Laid off Norandal workers may receive job training, extended unemployment benefits

Published 12:00 am Saturday, December 14, 2013

SALISBURY — Workers who have lost their jobs at the Norandal USA plant in the past year may be able to apply for help from the government for job training and other assistance.
People laid off from the aluminum rolling mill on Jake Alexander Boulevard since Nov. 8, 2012 may be eligible to receive additional unemployment insurance benefits, assistance for retraining, relocation or job search allowances and Reemployment Trade Adjustment Assistance under the federal Trade Act Program.
Norandal is laying off an additional 59 employees on Dec. 29, or about a third of the plant’s workforce.
Laid off Norandal workers are eligible to receive special assistance in finding new jobs or entering training programs, according to the N.C. Department of Commerce Division of Workforce Solutions. The announcement came after the U.S. Dept. of Labor approved a Trade Adjustment Assistance petition filed by Norandal to help laid off workers.
Workers may be able to receive the cost of up to two and a half years in a training program, including tuition, books and fees. Other potential benefits include up to 130 weeks of weekly unemployment allowances while attending training, as well as job search and relocation allowances and a health coverage tax credit.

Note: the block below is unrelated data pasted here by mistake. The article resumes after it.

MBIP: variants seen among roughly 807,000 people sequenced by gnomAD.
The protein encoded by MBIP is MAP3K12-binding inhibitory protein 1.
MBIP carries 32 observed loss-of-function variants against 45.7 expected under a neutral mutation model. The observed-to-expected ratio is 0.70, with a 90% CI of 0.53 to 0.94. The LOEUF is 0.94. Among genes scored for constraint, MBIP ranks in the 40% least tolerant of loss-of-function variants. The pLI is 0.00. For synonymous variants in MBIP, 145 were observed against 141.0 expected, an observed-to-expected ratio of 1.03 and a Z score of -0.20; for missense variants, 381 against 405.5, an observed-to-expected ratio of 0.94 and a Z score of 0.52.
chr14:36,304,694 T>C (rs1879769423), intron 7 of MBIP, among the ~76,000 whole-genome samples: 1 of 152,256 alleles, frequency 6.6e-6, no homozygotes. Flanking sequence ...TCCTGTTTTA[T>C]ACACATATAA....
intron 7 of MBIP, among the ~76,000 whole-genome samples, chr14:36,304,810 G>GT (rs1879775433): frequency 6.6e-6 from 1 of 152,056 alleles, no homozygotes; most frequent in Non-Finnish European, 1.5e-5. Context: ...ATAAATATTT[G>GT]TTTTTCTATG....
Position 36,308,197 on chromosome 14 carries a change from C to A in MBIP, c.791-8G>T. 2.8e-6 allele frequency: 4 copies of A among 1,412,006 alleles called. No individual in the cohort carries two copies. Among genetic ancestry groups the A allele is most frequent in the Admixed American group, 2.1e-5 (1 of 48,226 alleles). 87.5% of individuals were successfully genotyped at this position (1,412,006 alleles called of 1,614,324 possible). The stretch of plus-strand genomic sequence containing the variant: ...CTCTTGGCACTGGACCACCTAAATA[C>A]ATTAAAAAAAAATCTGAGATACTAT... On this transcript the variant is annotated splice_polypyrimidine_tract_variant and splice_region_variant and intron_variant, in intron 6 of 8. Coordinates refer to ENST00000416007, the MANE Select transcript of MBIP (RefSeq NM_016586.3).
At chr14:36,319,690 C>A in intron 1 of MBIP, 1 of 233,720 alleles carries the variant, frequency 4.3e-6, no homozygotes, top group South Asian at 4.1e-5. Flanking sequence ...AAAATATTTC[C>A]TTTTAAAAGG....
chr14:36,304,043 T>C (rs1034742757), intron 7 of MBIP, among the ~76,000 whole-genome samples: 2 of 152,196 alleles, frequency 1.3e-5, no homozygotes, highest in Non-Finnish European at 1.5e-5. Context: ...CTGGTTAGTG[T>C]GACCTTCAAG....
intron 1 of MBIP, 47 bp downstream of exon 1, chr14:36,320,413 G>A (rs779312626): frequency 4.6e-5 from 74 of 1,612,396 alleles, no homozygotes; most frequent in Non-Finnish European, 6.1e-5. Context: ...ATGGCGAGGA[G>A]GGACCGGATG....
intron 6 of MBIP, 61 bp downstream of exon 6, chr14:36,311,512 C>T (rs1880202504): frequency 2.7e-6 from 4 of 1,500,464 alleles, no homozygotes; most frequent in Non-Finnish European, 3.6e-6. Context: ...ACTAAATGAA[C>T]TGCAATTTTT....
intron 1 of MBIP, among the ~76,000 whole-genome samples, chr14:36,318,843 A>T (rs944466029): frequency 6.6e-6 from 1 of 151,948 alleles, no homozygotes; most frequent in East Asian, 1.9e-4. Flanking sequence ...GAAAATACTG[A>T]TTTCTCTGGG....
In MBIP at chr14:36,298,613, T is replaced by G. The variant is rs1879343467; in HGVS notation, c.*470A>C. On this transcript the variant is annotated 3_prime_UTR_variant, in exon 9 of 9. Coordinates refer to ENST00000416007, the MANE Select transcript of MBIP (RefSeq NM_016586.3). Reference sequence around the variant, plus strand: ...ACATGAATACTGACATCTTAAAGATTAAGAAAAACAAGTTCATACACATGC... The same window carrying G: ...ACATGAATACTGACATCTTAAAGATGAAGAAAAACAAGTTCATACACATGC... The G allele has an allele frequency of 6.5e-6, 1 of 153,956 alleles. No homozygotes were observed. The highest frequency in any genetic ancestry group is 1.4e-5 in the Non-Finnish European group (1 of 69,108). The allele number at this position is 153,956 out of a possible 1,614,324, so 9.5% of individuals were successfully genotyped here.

The average cost of an agency-approved, two-year training program in North Carolina is between $5,000 and $6,000, according to the Division of Workforce Solutions.
Workers who are at least 50 years may be eligible for reemployment trade adjustment assistance, which is an alternative for older workers who want to return to employment.
To determine someone’s eligibility to apply for and receive benefits, contact the employment service office at 704-639-7529.
The Federal Trade Act provides special benefits to workers who are laid off or have their hours reduced due to increased imports from other countries, or if there is a shift in production or supply of services to other countries.
Norandal officials have said the upcoming layoffs were triggered by increased import competition on certain light-gauge foil products, resulting in a decline in demand at rolling mills in Salisbury and Newport, Ark.
Norandal “has experienced a continued and dramatic decline in sales in the aluminum foil market, and there are no signs that this will be different in the foreseeable future,” Robert Major, human resources director for Norandal in Franklin, Tenn., told the N.C. Department of Commerce in October.